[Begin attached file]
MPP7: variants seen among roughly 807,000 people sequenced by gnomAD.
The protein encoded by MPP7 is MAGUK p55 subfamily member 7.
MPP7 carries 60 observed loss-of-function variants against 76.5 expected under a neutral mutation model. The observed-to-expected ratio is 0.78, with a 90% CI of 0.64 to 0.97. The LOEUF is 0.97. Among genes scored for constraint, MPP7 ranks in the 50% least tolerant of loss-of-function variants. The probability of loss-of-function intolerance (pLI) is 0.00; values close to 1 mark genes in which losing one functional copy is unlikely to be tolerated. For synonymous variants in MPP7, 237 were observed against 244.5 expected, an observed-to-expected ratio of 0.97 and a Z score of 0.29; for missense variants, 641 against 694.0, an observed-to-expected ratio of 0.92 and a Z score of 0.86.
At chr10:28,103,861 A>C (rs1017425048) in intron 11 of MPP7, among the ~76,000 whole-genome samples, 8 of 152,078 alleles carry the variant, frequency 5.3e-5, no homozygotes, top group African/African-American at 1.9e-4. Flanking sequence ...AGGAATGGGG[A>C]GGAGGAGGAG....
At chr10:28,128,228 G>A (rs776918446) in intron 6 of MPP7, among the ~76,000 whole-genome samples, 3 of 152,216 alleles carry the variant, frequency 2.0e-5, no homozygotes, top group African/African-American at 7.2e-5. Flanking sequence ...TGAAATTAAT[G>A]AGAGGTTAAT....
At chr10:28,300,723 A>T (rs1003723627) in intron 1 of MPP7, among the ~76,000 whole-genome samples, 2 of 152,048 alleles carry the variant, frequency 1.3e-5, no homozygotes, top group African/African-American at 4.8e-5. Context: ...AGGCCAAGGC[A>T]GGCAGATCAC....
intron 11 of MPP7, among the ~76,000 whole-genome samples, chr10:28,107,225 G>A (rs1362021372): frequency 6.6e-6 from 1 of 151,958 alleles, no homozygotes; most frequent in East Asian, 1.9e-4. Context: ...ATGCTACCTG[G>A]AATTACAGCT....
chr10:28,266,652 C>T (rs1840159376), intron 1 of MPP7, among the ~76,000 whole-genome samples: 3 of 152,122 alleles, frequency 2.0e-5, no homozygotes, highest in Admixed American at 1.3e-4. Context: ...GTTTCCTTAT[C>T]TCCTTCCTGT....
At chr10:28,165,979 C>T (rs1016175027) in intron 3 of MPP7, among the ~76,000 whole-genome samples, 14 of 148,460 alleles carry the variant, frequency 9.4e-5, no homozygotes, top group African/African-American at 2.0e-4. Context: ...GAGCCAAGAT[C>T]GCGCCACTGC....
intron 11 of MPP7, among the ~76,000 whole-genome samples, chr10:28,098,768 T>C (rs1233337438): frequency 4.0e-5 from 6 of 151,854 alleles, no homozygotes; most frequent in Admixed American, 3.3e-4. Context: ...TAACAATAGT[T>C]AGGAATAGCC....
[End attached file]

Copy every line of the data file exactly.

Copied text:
MPP7: variants seen among roughly 807,000 people sequenced by gnomAD.
The protein encoded by MPP7 is MAGUK p55 subfamily member 7.
MPP7 carries 60 observed loss-of-function variants against 76.5 expected under a neutral mutation model. The observed-to-expected ratio is 0.78, with a 90% CI of 0.64 to 0.97. The LOEUF is 0.97. Among genes scored for constraint, MPP7 ranks in the 50% least tolerant of loss-of-function variants. The probability of loss-of-function intolerance (pLI) is 0.00; values close to 1 mark genes in which losing one functional copy is unlikely to be tolerated. For synonymous variants in MPP7, 237 were observed against 244.5 expected, an observed-to-expected ratio of 0.97 and a Z score of 0.29; for missense variants, 641 against 694.0, an observed-to-expected ratio of 0.92 and a Z score of 0.86.
At chr10:28,103,861 A>C (rs1017425048) in intron 11 of MPP7, among the ~76,000 whole-genome samples, 8 of 152,078 alleles carry the variant, frequency 5.3e-5, no homozygotes, top group African/African-American at 1.9e-4. Flanking sequence ...AGGAATGGGG[A>C]GGAGGAGGAG....
At chr10:28,128,228 G>A (rs776918446) in intron 6 of MPP7, among the ~76,000 whole-genome samples, 3 of 152,216 alleles carry the variant, frequency 2.0e-5, no homozygotes, top group African/African-American at 7.2e-5. Flanking sequence ...TGAAATTAAT[G>A]AGAGGTTAAT....
At chr10:28,300,723 A>T (rs1003723627) in intron 1 of MPP7, among the ~76,000 whole-genome samples, 2 of 152,048 alleles carry the variant, frequency 1.3e-5, no homozygotes, top group African/African-American at 4.8e-5. Context: ...AGGCCAAGGC[A>T]GGCAGATCAC....
intron 11 of MPP7, among the ~76,000 whole-genome samples, chr10:28,107,225 G>A (rs1362021372): frequency 6.6e-6 from 1 of 151,958 alleles, no homozygotes; most frequent in East Asian, 1.9e-4. Context: ...ATGCTACCTG[G>A]AATTACAGCT....
chr10:28,266,652 C>T (rs1840159376), intron 1 of MPP7, among the ~76,000 whole-genome samples: 3 of 152,122 alleles, frequency 2.0e-5, no homozygotes, highest in Admixed American at 1.3e-4. Context: ...GTTTCCTTAT[C>T]TCCTTCCTGT....
At chr10:28,165,979 C>T (rs1016175027) in intron 3 of MPP7, among the ~76,000 whole-genome samples, 14 of 148,460 alleles carry the variant, frequency 9.4e-5, no homozygotes, top group African/African-American at 2.0e-4. Context: ...GAGCCAAGAT[C>T]GCGCCACTGC....
intron 11 of MPP7, among the ~76,000 whole-genome samples, chr10:28,098,768 T>C (rs1233337438): frequency 4.0e-5 from 6 of 151,854 alleles, no homozygotes; most frequent in Admixed American, 3.3e-4. Context: ...TAACAATAGT[T>C]AGGAATAGCC....